I caught Toyota’s new mea culpa television advertisement this morning. Evidently, it has been running on such high-rotation that people are starting to think it’s the video for the latest Beyonce song.
The advertisement is such a boilerplate corporate job that it almost looks like a Saturday Night Live parody. It starts out with black and white photos from the earliest Hollywood Toyota dealership. Quickly it moves to shots of good old red-blooded Americans building Toyotas in the factory.
Since video is nothing without audio, there’s the requisite soothing piano to calm the scared and frustrated nerves of the customer. Then the ace-in-the-hole: the smooth-voiced narrator pulls out the “we’ve let you down…we’ve let ourselves down”. All we’re missing here is the crying Native American chief for pure cheese-effect.
As an automotive journalist who witnessed his first television advertisement copy (for the local Diabetes Bike-A-Thon) aired while in fourth grade, I give the Toyota spot a solid C-minus. It lacks creativity, context, and looks and sounds like a big corporation that is sorry for getting caught.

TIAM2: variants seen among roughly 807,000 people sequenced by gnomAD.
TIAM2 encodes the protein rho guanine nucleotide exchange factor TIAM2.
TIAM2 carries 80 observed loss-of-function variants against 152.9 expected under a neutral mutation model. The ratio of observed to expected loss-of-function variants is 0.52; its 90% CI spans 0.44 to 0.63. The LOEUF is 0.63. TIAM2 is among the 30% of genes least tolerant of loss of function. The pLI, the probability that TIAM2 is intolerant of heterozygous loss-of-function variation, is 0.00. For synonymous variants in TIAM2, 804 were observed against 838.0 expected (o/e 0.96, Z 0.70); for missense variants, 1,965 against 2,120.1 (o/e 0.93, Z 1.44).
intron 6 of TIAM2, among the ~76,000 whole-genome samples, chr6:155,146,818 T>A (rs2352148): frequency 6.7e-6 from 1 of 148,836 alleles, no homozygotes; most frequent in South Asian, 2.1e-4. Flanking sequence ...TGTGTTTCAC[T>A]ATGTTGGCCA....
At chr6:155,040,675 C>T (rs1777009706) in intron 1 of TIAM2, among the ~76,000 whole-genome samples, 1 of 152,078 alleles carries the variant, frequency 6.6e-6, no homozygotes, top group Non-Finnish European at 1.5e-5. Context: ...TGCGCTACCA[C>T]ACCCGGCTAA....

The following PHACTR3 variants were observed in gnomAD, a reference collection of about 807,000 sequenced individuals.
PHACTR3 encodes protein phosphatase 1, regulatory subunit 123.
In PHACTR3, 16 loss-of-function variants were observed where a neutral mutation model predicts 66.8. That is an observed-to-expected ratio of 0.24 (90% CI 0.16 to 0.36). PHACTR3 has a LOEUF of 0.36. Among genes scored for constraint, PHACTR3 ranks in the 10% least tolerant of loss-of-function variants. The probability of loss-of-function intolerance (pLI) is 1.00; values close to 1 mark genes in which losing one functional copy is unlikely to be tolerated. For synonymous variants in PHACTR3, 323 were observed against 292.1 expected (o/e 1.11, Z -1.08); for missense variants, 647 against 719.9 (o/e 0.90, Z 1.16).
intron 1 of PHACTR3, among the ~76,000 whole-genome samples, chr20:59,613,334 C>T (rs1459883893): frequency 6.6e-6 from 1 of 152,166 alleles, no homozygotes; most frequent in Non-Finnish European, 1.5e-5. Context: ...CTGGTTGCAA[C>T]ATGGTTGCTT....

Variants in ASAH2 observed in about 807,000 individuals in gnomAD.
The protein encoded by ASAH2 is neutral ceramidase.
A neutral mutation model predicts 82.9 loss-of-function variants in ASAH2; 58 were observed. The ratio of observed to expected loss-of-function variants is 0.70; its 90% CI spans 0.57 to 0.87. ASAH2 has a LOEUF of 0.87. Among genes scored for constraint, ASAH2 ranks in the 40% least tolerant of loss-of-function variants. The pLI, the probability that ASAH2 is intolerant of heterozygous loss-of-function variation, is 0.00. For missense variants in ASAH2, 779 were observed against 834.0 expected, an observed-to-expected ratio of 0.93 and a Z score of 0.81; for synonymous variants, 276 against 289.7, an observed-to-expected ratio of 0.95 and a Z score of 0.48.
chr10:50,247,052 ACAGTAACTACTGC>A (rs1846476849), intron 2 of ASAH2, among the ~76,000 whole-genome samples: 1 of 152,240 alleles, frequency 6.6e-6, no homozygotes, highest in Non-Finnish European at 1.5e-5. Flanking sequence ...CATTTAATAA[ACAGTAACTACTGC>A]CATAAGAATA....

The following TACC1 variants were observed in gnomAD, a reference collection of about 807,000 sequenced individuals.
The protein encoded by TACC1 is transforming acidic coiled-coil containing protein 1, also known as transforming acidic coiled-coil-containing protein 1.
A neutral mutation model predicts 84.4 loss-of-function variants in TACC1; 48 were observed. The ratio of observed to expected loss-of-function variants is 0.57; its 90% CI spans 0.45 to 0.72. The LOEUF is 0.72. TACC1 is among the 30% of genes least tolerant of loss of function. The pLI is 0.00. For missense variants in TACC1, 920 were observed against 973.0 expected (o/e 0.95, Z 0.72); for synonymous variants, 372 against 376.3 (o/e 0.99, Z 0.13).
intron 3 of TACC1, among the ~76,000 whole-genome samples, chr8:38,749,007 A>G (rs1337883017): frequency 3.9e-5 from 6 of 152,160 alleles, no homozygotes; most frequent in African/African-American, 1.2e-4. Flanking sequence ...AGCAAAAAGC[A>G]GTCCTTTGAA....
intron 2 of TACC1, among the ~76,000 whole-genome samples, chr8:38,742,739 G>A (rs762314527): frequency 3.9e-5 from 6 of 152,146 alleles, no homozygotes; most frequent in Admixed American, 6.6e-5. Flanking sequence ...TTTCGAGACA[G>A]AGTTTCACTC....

Instead of the bogus mea culpa, Toyota would have been much better-off doing a quick explanation of its problems. Just off-hand (really– just stream of consciousness), I’d think about something also along the lines of “there are thousands of parts and hundreds of thousands of lines of computer code that go into making any modern car run. Every model from all makes has parts fail, resulting in technical service bulletins and even recalls. However, at Toyota we’re known and have staked our reputation on being better than the rest. Recently we’ve discovered that a couple of parts and a few software commands were not created to the standard we require, so we’ve engineered fixes and along with our factory-supported dealerships, we’re going to get them into every Toyota…quickly, safely and with no excuses.”
I would also add somewhere that “this is not the fault of the hard-working men and women on the production lines.” After all, the failures have been in the engineering of the parts and software, not how they were assembled.
At the end of the day, it’s a hard line to walk for a company. It needs to admit fault and ask forgiveness, but it also can’t scare people into thinking that this a more dangerous, more widespread problem than it really is. Of course, when a company shuts down its production lines, halts sales of many of its vehicles and has the nightly news programs talking about stuck throttles and no brakes, there’s really little way of making it sound any worse…
…unless your apology sounds like parody.